Primary sequences of tahcykinins, tachykinin-related peptides (TKRPs), and invertebrate tachykinins (inv-TKs), and tissues plus species from which peptides were isolated.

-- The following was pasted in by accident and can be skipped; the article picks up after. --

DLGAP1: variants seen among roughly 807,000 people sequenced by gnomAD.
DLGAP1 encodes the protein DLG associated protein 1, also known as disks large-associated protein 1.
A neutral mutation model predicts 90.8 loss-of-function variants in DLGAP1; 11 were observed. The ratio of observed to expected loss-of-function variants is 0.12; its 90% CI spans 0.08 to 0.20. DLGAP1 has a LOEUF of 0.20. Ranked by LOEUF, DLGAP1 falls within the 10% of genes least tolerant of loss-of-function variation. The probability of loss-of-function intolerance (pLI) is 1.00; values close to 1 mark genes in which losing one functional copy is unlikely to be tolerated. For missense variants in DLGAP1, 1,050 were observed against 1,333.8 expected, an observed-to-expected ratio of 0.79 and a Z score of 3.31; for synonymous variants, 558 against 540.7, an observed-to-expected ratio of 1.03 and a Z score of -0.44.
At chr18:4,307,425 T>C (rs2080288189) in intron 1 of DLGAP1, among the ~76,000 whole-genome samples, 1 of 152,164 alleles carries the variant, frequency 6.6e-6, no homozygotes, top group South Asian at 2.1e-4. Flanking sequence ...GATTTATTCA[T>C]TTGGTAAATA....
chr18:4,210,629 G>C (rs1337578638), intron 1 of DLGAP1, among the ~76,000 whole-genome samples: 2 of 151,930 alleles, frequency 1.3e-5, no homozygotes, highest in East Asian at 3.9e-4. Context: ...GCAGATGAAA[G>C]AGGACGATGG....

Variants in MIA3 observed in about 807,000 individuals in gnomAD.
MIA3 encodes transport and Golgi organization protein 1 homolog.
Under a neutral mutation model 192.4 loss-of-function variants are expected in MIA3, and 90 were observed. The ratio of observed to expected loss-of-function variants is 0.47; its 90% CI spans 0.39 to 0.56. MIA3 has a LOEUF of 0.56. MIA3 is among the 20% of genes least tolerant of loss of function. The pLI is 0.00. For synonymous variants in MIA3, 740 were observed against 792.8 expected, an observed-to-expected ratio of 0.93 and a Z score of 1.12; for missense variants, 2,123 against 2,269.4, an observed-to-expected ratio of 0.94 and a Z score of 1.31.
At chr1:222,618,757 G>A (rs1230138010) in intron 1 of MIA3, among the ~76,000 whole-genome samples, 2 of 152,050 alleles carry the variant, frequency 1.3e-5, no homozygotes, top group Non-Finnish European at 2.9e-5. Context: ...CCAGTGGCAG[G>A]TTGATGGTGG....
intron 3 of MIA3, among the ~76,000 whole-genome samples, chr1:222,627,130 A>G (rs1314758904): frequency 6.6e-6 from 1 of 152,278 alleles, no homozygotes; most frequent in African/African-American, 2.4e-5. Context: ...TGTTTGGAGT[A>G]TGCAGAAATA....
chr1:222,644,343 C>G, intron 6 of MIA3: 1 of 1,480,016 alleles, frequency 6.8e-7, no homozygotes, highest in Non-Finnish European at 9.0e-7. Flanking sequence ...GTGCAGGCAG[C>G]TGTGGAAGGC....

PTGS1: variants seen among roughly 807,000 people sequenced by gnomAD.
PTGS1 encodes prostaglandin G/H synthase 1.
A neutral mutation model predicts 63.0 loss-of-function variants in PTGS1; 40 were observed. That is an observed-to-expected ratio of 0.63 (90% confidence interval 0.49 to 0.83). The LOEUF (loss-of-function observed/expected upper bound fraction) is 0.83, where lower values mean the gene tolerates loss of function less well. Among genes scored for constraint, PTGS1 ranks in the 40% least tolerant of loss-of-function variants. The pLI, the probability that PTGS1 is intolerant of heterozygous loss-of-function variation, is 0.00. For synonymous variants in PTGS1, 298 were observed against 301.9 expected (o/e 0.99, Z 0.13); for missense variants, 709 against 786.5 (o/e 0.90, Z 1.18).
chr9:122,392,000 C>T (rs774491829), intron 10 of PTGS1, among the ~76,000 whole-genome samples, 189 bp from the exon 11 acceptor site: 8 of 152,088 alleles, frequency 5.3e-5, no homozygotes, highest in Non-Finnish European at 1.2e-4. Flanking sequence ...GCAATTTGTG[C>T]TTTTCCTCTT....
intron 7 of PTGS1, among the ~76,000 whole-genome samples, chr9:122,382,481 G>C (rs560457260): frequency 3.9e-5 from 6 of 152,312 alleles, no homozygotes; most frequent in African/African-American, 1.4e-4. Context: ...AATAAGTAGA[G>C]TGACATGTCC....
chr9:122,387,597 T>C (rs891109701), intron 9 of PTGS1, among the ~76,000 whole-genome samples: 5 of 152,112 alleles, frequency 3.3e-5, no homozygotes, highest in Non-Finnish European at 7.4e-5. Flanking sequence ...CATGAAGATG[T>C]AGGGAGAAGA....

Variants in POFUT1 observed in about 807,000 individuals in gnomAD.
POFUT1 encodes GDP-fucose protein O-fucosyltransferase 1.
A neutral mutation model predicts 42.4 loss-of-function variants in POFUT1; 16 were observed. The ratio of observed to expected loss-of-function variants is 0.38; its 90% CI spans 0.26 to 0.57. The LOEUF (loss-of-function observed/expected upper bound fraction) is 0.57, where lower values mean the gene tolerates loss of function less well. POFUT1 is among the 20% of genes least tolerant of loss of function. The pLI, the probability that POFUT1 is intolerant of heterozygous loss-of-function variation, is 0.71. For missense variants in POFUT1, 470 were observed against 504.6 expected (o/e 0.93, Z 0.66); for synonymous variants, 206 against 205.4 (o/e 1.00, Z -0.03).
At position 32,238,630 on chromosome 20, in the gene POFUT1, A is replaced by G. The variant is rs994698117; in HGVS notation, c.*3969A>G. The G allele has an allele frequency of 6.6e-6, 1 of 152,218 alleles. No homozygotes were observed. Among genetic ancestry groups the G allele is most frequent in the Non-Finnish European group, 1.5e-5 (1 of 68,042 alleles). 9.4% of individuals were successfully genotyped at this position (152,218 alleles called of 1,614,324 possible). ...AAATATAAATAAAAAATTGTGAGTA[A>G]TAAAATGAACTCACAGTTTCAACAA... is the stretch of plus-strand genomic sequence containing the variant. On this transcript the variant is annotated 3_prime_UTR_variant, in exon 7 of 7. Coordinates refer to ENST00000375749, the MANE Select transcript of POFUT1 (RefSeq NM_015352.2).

Isolation and characterization of ‘tachykinin-related peptides (TKRPs)’